Sign up for our daily briefing

Make your busy days simpler with Axios AM/PM. Catch up on what's new and why it matters in just 5 minutes.

Please enter a valid email.

Please enter a valid email.

Subscription failed
Thank you for subscribing!

Catch up on coronavirus stories and special reports, curated by Mike Allen everyday

Catch up on coronavirus stories and special reports, curated by Mike Allen everyday

Please enter a valid email.

Please enter a valid email.

Subscription failed
Thank you for subscribing!

Denver news in your inbox

Catch up on the most important stories affecting your hometown with Axios Denver

Please enter a valid email.

Please enter a valid email.

Subscription failed
Thank you for subscribing!

Des Moines news in your inbox

Catch up on the most important stories affecting your hometown with Axios Des Moines

Please enter a valid email.

Please enter a valid email.

Subscription failed
Thank you for subscribing!

Minneapolis-St. Paul news in your inbox

Catch up on the most important stories affecting your hometown with Axios Twin Cities

Please enter a valid email.

Please enter a valid email.

Subscription failed
Thank you for subscribing!

Tampa Bay news in your inbox

Catch up on the most important stories affecting your hometown with Axios Tampa Bay

Please enter a valid email.

Please enter a valid email.

Subscription failed
Thank you for subscribing!

Charlotte news in your inbox

Catch up on the most important stories affecting your hometown with Axios Charlotte

Please enter a valid email.

Please enter a valid email.

Subscription failed
Thank you for subscribing!

Please enter a valid email.

Please enter a valid email.

Subscription failed
Thank you for subscribing!

Courtesy Forbes

Forbes on Wednesday released its annual list of the 'World's 100 Most Powerful Women," with history-making figures like Vice President-elect Kamala Harris and New Zealand Prime Minister Jacinda Ardern among those featured.

Zoom in: 13 of the women named "helm some of the world’s biggest banks and financial institutions, positions they’ve leveraged to effect change in the world," Forbes' Samantha Todd writes.

  • Jane Fraser (No. 23), president of Citi and CEO of the global consumer banking business, in February becomes the first woman to head up a major Wall Street bank.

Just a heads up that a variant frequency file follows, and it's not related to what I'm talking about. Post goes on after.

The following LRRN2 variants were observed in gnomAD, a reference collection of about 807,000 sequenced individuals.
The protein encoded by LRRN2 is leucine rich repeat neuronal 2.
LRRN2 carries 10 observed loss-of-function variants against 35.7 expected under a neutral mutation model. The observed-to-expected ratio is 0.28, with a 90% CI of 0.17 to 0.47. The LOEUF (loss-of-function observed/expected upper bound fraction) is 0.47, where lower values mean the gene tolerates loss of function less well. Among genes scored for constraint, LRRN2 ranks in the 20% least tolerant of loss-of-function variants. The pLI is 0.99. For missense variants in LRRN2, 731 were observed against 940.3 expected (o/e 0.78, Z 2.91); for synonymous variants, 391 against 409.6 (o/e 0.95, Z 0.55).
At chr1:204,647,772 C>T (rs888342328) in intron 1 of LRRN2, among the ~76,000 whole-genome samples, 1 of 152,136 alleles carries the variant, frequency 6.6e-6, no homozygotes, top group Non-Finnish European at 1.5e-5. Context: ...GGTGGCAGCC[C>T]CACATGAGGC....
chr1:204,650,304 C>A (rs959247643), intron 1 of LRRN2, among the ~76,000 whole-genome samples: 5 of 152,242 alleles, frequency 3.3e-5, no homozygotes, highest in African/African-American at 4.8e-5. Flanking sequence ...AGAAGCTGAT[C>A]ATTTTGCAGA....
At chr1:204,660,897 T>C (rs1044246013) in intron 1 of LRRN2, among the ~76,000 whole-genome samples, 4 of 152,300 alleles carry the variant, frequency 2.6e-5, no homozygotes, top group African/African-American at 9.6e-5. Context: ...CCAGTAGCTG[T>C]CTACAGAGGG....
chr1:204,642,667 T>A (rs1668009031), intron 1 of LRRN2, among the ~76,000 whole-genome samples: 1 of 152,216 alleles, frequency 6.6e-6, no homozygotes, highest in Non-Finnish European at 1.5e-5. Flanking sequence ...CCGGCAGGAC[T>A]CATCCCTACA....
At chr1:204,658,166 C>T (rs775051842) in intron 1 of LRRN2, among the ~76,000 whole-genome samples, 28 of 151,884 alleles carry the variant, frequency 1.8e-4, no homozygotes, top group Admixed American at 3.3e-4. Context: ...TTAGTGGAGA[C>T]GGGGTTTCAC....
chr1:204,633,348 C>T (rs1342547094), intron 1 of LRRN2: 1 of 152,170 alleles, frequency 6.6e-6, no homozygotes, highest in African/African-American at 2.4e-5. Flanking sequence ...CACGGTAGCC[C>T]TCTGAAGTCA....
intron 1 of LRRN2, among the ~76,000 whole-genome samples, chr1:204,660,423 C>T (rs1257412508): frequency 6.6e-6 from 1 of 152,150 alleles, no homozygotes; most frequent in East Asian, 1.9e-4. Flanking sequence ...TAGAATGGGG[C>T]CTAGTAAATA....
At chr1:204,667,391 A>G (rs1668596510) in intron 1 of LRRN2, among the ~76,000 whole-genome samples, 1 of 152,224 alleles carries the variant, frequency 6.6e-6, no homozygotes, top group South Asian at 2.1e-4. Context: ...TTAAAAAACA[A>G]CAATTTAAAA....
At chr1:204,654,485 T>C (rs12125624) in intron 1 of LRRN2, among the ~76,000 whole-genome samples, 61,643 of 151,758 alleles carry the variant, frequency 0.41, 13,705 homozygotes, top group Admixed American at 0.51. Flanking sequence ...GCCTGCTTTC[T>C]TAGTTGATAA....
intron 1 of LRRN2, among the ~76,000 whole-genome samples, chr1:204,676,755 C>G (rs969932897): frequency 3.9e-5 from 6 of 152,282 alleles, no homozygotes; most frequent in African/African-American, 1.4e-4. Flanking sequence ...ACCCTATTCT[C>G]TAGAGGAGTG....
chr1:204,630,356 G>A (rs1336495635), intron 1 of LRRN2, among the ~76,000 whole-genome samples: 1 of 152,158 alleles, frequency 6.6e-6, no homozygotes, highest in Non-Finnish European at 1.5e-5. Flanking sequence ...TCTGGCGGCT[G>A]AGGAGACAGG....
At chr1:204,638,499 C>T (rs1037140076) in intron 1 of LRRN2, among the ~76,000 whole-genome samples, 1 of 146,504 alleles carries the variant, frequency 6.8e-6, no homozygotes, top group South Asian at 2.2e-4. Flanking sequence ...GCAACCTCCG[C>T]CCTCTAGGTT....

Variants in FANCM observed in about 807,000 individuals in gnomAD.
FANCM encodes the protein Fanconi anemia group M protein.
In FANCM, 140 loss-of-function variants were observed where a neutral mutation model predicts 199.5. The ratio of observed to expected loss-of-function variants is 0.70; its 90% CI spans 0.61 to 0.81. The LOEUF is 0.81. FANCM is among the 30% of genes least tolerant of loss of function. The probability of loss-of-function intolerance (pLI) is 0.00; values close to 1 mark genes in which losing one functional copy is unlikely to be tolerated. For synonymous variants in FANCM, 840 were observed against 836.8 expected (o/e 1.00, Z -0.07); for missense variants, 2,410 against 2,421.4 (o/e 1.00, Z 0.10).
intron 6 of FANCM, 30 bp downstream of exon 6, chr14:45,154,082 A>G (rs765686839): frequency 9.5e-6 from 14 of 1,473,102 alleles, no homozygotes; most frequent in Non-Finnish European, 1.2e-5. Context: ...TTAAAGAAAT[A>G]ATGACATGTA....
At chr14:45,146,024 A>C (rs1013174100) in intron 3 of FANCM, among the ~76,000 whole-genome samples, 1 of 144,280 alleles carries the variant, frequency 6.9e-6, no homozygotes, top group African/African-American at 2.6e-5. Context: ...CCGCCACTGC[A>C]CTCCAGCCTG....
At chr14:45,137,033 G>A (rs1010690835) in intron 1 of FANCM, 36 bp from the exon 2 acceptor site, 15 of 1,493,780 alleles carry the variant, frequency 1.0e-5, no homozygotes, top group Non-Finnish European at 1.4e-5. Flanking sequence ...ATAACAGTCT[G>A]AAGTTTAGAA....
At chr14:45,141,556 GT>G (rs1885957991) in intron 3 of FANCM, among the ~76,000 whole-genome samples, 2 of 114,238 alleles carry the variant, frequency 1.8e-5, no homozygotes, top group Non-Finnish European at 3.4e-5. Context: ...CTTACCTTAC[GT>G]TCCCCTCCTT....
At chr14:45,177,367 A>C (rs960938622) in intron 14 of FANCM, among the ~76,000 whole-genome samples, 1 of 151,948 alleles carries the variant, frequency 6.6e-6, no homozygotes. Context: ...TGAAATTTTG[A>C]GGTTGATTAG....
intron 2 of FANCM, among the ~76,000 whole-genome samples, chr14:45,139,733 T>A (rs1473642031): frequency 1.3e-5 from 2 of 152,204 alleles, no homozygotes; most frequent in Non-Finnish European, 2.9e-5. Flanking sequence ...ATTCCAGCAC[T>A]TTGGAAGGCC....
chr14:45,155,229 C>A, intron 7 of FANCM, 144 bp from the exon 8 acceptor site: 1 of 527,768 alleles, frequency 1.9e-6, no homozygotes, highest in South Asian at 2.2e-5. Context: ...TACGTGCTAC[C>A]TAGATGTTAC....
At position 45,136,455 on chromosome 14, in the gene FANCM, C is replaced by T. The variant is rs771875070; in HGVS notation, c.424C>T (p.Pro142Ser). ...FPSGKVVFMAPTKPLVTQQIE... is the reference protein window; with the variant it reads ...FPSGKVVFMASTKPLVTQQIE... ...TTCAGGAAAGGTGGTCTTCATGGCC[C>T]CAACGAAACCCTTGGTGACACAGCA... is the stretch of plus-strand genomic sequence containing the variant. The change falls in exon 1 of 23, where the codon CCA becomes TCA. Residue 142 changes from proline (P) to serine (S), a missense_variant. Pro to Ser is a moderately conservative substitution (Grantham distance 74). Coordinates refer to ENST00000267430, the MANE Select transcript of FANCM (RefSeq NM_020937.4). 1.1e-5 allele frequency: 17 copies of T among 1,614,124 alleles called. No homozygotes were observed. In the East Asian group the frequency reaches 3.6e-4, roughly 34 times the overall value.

• Anne Finucane (No. 36), vice chairman of Bank of America, has expanded the bank's "philanthropic efforts, committing $100 million in grants to increase the accessibility of food and medical supplies ... 'As we collectively navigate this health and humanitarian crisis, we recognize that the private sector can play a pivotal role,'" Finucane said in a statement.
  • No. 40: Mary Callahan Erdoes, CEO, asset management, JPMorgan Chase.
  • No. 43: Marianne Lake, CEO, consumer lending, JPMorgan Chase.
  • "Of the 13 women in finance, just one is a newcomer to the ranking: Mellody Hobson (No. 94), co-CEO of money management firm Ariel Investments."

For the 10th consecutive year, German Chancellor Angela Merkel is No. 1. Christine Lagarde, president of the European Central Bank, is No. 2. Vice President-elect Harris is No. 3. Queen Elizabeth II is No. 46.

Go deeper

Meena Harris business creates optics issue for Biden White House

Meena Harris addresses the 2020 Democratic National Convention. Photo: DNCC via Getty Images

Biden's transition team lawyers have reminded Vice President-elect Kamala Harris' niece, Meena, that she can't profit off her famous aunt's image, after she unveiled a collaboration between her company and Beats By Dre.

Why it matters: Following Republican attacks, President-elect Joe Biden pledged that neither his family nor Harris' would profit from their service as president and vice president.

Mike Allen, author of AM
2 mins ago - Politics & Policy

Biden-Harris, Day 1: What mattered most

President Joe Biden and first lady Dr. Jill Biden arrive at the North Portico of the White House. Photo: Alex Brandon-Pool/Getty Images

The Axios experts help you sort significance from symbolism. Here are the six Day 1 actions by President Biden that matter most.

Driving the news: Today, on his first full day, Biden translates his promise of a stronger federal response to the pandemic into action — starting with 10 executive orders and other directives, Caitlin Owens writes.

Read: Pete Buttigieg's opening statement ahead of confirmation hearing

Pete Buttigieg, President Biden's nominee to be secretary of transportation, in December. Photo: Kevin Lamarque/AFP via Getty Images

Pete Buttigieg, President Biden's nominee to lead the Transportation Department, will tell senators he plans to prioritize the health and safety of public transportation systems during the pandemic — and look to infrastructure projects to rebuild the economy — according to a copy of his prepared remarks obtained by Axios.

Driving the news: Buttigieg will testify at 10 a.m. ET before the Senate Committee on Commerce, Science and Transportation. He is expected to face a relatively smooth confirmation process, though GOP lawmakers may press him on "green" elements of Biden's transportation proposals.